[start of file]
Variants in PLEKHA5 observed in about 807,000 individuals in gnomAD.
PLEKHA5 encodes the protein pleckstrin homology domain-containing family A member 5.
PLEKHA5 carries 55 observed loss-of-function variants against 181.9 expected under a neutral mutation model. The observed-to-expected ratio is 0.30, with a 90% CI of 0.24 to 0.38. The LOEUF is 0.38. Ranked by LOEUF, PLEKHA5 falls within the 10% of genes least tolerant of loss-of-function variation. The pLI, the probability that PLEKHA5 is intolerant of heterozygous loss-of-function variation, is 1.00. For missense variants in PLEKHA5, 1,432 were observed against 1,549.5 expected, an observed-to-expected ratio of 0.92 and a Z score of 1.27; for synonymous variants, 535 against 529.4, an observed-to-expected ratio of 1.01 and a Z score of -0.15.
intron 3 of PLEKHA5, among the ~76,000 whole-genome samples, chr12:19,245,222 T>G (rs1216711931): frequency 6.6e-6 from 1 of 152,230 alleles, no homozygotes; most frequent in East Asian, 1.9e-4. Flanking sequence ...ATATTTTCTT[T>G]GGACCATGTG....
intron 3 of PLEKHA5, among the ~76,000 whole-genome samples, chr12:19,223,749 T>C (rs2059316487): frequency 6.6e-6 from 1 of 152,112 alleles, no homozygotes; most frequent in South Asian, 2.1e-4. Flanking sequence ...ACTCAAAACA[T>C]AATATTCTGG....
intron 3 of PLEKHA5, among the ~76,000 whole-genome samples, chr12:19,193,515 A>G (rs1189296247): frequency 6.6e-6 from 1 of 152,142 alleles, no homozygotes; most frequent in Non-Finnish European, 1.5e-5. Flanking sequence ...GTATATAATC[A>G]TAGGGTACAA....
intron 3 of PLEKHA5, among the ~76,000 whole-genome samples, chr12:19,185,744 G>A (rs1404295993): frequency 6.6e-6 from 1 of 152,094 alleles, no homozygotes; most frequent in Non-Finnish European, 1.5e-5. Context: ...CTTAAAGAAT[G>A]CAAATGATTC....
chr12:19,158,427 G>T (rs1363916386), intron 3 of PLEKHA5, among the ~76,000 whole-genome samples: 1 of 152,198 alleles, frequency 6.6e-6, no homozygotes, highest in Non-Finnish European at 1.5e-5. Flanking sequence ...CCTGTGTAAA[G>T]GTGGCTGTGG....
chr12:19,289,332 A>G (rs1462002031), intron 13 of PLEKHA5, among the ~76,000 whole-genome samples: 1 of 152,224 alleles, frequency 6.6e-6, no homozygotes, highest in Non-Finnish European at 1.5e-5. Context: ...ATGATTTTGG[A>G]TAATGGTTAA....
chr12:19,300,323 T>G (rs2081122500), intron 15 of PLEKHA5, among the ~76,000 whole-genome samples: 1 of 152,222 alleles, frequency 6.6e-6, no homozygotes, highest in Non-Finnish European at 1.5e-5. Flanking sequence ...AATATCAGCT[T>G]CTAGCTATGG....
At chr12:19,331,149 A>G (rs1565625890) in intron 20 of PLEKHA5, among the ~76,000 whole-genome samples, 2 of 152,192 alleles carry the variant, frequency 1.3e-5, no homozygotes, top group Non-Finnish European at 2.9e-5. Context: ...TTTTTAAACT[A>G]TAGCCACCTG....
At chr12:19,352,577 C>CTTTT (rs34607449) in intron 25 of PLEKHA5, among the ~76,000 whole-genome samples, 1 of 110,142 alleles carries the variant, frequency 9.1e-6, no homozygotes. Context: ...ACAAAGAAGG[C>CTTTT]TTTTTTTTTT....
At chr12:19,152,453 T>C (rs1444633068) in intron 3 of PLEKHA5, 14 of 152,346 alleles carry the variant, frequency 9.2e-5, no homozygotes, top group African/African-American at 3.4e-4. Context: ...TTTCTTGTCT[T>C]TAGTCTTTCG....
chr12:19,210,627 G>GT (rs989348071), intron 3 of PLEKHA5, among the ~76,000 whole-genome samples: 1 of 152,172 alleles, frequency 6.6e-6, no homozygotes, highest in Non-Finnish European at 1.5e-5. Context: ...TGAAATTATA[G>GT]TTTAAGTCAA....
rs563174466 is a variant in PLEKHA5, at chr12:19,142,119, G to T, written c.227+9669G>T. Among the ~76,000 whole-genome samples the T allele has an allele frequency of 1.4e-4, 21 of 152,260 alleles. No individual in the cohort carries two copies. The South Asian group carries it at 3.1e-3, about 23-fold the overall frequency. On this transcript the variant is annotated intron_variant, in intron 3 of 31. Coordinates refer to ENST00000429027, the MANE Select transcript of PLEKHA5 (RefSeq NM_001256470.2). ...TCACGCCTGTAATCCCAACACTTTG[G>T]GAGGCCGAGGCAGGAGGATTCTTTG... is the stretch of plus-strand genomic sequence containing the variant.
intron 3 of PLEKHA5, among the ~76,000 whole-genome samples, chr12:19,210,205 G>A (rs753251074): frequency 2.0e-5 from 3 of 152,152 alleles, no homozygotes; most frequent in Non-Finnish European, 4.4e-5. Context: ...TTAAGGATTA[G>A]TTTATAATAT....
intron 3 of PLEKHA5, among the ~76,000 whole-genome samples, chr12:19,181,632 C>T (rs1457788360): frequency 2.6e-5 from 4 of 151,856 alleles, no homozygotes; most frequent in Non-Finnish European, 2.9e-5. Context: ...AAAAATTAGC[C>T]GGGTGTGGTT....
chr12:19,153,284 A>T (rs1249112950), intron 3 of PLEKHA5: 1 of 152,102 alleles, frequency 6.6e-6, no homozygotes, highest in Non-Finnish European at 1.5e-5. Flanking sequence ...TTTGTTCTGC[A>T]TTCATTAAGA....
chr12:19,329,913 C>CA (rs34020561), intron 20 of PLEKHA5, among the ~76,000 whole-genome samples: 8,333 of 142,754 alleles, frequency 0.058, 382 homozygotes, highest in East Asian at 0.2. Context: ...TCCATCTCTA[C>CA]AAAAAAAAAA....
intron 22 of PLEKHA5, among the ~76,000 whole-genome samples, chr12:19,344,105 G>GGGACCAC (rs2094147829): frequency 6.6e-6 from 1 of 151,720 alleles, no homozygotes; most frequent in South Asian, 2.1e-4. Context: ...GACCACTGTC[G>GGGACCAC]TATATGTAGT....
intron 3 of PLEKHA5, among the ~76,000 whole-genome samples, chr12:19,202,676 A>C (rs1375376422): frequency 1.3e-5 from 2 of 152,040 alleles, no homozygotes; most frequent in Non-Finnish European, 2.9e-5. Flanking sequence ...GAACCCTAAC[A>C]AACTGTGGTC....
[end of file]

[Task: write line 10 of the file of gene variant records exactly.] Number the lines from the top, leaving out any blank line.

chr12:19,300,323 T>G (rs2081122500), intron 15 of PLEKHA5, among the ~76,000 whole-genome samples: 1 of 152,222 alleles, frequency 6.6e-6, no homozygotes, highest in Non-Finnish European at 1.5e-5. Flanking sequence ...AATATCAGCT[T>G]CTAGCTATGG....